Articles | Volume 17, issue 24
Atmos. Chem. Phys., 17, 15069–15093, 2017
https://doi.org/10.5194/acp-17-15069-2017
Atmos. Chem. Phys., 17, 15069–15093, 2017
https://doi.org/10.5194/acp-17-15069-2017

Research article 20 Dec 2017

Research article | 20 Dec 2017

How long do satellites need to overlap? Evaluation of climate data stability from overlapping satellite records

Elizabeth C. Weatherhead et al.

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Interactive discussion

Status: closed
Status: closed
AC: Author comment | RC: Referee comment | SC: Short comment | EC: Editor comment
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Peer-review completion

AR: Author's response | RR: Referee report | ED: Editor decision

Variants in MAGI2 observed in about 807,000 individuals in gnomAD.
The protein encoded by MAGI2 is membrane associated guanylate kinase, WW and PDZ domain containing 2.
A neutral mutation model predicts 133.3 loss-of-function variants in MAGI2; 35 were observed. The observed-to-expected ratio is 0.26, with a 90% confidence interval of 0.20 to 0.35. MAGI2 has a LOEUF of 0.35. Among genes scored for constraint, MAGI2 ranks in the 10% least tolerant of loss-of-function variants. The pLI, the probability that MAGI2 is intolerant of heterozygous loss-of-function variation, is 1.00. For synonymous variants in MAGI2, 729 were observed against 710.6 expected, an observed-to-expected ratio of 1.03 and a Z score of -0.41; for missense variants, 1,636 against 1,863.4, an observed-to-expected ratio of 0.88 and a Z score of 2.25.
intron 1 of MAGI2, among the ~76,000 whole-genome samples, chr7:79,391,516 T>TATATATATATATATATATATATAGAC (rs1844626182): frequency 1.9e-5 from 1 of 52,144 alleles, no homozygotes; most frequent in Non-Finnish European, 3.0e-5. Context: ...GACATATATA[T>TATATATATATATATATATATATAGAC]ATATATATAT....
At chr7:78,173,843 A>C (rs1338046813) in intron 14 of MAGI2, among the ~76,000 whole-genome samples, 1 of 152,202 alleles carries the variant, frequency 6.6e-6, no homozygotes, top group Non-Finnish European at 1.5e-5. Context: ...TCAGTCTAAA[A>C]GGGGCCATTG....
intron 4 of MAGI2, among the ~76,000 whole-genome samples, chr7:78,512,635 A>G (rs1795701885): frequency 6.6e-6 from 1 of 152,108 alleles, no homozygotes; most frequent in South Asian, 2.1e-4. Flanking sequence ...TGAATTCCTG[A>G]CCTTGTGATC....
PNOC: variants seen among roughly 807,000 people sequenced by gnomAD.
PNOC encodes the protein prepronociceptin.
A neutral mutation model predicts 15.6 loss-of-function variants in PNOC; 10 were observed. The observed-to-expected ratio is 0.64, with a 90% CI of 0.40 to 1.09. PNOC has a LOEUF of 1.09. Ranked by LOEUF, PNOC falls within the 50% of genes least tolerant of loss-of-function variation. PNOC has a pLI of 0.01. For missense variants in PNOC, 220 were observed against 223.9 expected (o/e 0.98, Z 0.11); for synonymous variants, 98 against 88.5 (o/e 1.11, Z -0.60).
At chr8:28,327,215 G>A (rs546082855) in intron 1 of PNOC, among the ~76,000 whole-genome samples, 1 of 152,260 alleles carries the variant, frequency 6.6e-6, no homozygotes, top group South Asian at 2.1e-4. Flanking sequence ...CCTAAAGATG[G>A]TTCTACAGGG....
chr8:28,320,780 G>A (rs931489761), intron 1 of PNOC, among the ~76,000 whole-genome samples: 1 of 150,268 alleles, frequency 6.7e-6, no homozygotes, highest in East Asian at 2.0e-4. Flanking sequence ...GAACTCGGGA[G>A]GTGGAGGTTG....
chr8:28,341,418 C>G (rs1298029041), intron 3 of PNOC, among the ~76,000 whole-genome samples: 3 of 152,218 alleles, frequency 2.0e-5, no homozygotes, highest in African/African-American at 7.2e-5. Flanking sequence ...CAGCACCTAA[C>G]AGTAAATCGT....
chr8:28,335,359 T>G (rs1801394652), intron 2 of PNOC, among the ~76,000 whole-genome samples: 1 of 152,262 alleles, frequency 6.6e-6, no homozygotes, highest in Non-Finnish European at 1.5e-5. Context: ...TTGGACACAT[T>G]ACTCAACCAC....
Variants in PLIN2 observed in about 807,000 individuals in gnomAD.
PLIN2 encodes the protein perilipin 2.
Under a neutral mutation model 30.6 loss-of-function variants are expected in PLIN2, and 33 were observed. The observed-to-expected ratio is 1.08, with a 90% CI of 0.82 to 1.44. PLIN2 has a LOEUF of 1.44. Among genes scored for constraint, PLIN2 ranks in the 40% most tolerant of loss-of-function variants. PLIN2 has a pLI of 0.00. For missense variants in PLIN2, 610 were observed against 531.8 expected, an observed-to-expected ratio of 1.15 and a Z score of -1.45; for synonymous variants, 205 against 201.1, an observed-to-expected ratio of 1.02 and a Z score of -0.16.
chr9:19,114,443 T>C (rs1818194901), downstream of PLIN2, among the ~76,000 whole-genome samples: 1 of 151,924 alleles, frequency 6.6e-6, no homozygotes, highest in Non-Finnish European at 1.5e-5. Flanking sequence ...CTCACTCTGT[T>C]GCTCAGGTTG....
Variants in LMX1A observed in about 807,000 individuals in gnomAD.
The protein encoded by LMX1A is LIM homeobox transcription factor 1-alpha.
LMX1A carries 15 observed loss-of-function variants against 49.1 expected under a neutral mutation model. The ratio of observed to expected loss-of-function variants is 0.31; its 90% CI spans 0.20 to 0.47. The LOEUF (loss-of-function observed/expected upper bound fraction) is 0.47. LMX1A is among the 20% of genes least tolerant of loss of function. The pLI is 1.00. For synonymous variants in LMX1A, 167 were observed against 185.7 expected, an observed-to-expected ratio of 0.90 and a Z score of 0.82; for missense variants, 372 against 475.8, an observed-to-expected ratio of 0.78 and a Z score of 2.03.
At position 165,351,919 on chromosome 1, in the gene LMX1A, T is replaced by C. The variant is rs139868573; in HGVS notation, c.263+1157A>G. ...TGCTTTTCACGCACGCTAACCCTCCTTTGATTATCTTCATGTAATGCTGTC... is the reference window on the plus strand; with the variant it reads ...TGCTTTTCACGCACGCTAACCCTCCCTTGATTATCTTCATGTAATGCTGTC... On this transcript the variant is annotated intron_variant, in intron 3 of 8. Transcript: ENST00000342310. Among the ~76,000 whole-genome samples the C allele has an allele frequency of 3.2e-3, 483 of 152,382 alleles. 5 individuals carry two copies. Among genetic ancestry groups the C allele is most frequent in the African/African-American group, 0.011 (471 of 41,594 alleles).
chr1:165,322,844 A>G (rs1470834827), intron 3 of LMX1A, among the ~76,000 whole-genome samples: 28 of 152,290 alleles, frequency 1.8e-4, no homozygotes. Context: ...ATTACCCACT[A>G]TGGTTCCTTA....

AR by Elizabeth Weatherhead on behalf of the Authors (04 May 2017)  Author's response    Manuscript
ED: Referee Nomination & Report Request started (05 Jun 2017) by William Ward
RR by Anonymous Referee #1 (14 Jun 2017)
ED: Reconsider after minor revisions (Editor review) (20 Jun 2017) by William Ward
AR by Elizabeth Weatherhead on behalf of the Authors (30 Jun 2017)  Author's response    Manuscript
ED: Publish as is (19 Jul 2017) by William Ward
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Short summary
Satellite overlap is often carried out as a check on the stability of the data collected. We looked at how length of overlap influences how much information can be derived from the overlap period. Several results surprised us: the confidence we could have in the matchup of two records was independent of the offset, and understanding of the relative drift between the two satellite data sets improved significantly with 2–3 years of overlap. Sudden jumps could easily be confused with drift.
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